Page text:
Sarnia has seen more than a 29% increase in drug-addicted babies, 11% higher than national average

Sarnia has seen more than a 29% increase in the number of newborns hooked on painkillers amid the nation’s prescription drug abuse epidemic, resulting in longer hospital stays for the affected babies and higher public health care costs, according to statistics released by Bluewater Health.

Prescription drug abuse is the nation’s fastest-growing drug problem, as reported by Health Canada and some say it should be classified as and treated like an epidemic.

Dr. Nash Rashed, who is Bluewater Health's medical director of the maternal, infant, and child program, reportedly said that last year 40 babies born had neonatal abstinence syndrome (NAS), an addiction to drugs their mothers took while pregnant.

Doctors attribute this rise to the use and abuse of prescription opioids: the painkillers fuelling Canada’s fastest-growing addiction – and the methadone used to treat it.

Symptoms typically appear within four days after birth and can include excessive crying, sweating, tremors and diarrhea. Drug-exposed babies require intensive nursing care and can remain in the hospital for 21 days or more if they need treatment to wean them off narcotics.

Nation-wide last year, at least 1,057 babies were born with NAS, an 18-per-cent increase over the year before, according to the Canadian Institute for Health Information. Sarnia's rise in these numbers is 11% higher than the reported national average.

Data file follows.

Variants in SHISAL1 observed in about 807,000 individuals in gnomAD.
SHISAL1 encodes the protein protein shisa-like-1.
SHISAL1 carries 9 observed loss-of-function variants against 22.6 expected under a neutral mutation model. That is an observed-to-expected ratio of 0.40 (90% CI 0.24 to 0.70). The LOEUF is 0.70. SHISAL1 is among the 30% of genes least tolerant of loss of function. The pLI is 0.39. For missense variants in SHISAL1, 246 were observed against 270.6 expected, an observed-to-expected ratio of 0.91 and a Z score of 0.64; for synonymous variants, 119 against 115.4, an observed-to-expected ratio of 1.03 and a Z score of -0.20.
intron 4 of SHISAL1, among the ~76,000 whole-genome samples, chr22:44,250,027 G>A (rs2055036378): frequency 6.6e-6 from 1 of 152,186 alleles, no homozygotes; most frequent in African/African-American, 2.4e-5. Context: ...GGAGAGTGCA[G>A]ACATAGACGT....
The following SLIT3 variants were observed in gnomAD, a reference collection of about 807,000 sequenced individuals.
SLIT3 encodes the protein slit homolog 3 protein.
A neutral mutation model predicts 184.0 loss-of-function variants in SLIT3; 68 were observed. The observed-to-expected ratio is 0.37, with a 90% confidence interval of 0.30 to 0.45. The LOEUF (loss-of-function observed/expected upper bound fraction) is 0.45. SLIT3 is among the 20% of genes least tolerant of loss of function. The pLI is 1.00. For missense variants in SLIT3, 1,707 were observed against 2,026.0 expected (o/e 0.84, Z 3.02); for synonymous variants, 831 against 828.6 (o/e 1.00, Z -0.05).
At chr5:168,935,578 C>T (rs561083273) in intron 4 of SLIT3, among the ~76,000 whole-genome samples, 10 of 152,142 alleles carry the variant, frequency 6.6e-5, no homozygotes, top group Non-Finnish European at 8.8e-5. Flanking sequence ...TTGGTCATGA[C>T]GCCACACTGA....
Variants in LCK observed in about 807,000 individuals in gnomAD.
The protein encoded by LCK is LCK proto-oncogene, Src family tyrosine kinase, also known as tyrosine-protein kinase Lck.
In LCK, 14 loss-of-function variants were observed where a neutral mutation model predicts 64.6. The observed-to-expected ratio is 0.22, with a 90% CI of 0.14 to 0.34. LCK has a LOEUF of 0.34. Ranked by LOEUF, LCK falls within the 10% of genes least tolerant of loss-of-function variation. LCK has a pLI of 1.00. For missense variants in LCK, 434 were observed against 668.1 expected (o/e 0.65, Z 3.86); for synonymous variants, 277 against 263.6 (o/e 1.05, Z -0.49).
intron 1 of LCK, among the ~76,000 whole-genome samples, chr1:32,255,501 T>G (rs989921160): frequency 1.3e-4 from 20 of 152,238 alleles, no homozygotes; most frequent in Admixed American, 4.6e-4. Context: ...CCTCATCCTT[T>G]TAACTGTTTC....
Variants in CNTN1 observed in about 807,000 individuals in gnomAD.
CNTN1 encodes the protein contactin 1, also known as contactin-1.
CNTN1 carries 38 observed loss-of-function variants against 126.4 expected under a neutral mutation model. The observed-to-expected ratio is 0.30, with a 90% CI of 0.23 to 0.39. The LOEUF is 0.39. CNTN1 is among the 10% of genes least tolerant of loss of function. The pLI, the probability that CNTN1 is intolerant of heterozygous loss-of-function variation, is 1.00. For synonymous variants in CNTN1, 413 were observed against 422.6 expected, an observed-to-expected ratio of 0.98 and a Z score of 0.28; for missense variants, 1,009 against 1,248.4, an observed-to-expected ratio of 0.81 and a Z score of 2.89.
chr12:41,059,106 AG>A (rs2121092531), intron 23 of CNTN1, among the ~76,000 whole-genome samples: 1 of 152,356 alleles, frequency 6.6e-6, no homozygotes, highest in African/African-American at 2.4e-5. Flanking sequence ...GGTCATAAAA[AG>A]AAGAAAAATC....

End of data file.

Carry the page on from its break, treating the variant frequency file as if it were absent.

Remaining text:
Dr. Rashed was quoted saying that Sarnia’s nursery has three beds, but up to nine newborns have needed it at once and often staff has to be pulled from other places to meet the medical demand.

He reportedly added that some Sarnia mothers who gave birth prematurely elsewhere have been denied transfer to Bluewater Health because there’s no room for them.

Bluewater Health works with Sarnia’s methadone clinic, social services and the Children’s Aid Society.

The mothers of drug-exposed babies usually are referred to hospital social workers or county social service agencies for help finding treatment programs.

Sara Stelpstra, intake supervisor at the Sarnia-Lambton Children’s Aid Society, said that “We do try to offer assistance to these women prior to the birth of the baby, so by the time the baby is born there’s already a plan set in place."

Most experts agree that the impact of the drugs on a child’s development can be difficult to determine because of other risk factors such as nutrition and prenatal care. There has been little long-term research on children exposed to prescription painkillers. However, most children exposed to heroin, an opiate similar to OxyContin, eventually catch up to their peers.

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